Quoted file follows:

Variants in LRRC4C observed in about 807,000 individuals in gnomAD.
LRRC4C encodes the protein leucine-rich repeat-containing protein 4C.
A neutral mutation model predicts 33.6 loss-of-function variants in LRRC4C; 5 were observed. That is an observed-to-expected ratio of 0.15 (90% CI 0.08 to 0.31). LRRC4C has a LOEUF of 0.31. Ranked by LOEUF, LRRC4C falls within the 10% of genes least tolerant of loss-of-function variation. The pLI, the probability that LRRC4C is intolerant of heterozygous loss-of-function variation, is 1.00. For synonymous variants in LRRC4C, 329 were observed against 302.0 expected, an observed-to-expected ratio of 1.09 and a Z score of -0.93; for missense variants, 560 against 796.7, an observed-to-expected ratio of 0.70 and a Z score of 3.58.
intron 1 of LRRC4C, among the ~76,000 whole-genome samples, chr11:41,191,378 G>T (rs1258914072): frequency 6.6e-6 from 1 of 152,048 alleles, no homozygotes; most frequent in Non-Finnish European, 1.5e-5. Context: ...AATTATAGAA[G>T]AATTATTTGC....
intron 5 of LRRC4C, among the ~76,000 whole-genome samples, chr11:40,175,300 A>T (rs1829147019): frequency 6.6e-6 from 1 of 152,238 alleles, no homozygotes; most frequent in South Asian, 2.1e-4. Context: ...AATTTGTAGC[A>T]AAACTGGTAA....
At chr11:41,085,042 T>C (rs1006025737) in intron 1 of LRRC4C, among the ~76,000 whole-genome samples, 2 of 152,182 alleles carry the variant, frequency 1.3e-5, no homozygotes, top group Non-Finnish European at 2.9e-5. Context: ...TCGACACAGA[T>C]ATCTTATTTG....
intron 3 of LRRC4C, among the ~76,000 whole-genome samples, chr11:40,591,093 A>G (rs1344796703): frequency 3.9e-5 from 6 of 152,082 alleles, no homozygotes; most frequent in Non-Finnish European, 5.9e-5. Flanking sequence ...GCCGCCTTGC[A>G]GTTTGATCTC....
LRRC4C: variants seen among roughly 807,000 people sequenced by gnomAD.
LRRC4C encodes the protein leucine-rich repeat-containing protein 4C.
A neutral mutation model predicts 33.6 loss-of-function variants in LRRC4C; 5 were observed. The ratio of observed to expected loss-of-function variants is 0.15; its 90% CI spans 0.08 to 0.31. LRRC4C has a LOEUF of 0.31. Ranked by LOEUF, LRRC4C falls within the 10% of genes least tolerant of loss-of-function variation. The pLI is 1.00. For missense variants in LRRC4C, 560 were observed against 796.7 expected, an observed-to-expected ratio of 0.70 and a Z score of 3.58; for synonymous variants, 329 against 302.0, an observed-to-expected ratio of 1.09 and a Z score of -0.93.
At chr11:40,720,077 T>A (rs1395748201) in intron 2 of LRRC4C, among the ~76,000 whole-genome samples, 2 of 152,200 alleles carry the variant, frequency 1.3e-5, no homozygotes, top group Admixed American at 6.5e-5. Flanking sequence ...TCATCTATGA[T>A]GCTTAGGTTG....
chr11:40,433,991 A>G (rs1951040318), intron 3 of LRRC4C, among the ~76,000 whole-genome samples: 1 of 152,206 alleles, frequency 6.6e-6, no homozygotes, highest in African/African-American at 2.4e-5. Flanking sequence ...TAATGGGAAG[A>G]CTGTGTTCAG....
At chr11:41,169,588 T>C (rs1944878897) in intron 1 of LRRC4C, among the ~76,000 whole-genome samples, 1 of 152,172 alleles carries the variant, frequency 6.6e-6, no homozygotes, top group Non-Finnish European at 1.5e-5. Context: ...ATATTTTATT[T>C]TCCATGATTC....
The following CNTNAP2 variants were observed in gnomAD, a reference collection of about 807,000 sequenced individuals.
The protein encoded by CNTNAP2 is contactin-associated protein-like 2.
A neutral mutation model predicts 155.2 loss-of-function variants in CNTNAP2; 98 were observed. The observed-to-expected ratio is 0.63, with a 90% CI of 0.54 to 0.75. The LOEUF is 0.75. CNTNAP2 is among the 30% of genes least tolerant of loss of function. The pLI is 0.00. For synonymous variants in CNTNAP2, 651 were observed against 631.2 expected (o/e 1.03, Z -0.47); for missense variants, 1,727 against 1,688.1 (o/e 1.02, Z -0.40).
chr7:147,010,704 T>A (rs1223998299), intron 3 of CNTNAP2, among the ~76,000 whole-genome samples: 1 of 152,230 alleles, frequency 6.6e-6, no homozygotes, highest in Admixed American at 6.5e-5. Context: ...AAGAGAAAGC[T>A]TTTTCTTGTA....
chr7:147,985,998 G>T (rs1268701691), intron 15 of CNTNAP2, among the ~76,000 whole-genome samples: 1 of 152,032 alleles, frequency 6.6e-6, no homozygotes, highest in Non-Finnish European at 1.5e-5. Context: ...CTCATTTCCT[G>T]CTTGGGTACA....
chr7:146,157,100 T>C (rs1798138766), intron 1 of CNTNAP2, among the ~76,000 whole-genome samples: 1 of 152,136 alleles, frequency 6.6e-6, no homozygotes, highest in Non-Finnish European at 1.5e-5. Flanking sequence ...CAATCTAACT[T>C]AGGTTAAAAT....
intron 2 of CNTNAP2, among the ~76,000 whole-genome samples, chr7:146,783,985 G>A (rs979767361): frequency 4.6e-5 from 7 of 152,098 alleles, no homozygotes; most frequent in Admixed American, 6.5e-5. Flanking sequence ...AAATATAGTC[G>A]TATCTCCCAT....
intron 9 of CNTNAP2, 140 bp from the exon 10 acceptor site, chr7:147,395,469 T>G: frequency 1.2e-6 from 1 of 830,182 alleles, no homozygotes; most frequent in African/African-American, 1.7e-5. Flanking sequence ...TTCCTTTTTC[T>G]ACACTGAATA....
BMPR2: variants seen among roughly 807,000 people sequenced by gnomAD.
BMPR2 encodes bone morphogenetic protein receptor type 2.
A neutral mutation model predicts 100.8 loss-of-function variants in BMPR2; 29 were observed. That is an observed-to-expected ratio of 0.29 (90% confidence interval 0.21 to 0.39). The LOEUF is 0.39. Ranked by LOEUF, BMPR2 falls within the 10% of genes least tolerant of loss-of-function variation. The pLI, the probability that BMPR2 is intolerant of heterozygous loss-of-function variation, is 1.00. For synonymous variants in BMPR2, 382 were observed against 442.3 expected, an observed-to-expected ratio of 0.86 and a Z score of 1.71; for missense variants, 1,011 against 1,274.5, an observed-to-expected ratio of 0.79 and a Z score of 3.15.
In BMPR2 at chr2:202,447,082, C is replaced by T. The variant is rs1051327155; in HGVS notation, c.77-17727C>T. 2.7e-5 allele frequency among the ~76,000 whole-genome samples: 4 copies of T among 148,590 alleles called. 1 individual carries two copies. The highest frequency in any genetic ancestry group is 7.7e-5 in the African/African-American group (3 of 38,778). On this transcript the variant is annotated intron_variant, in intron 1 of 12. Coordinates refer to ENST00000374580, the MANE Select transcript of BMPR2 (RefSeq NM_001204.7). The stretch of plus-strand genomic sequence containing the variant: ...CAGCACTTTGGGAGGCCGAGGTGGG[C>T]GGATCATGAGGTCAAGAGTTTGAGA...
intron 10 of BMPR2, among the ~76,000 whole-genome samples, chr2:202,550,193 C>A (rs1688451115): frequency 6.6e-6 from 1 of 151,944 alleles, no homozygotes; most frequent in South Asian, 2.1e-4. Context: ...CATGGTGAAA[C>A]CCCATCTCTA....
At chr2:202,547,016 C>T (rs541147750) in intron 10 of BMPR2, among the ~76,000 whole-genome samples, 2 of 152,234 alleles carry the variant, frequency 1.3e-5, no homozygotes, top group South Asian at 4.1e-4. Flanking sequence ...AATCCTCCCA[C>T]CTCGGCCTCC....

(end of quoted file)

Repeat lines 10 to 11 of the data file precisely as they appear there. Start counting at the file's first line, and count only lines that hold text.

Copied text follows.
A neutral mutation model predicts 33.6 loss-of-function variants in LRRC4C; 5 were observed. The ratio of observed to expected loss-of-function variants is 0.15; its 90% CI spans 0.08 to 0.31. LRRC4C has a LOEUF of 0.31. Ranked by LOEUF, LRRC4C falls within the 10% of genes least tolerant of loss-of-function variation. The pLI is 1.00. For missense variants in LRRC4C, 560 were observed against 796.7 expected, an observed-to-expected ratio of 0.70 and a Z score of 3.58; for synonymous variants, 329 against 302.0, an observed-to-expected ratio of 1.09 and a Z score of -0.93.
At chr11:40,720,077 T>A (rs1395748201) in intron 2 of LRRC4C, among the ~76,000 whole-genome samples, 2 of 152,200 alleles carry the variant, frequency 1.3e-5, no homozygotes, top group Admixed American at 6.5e-5. Flanking sequence ...TCATCTATGA[T>A]GCTTAGGTTG....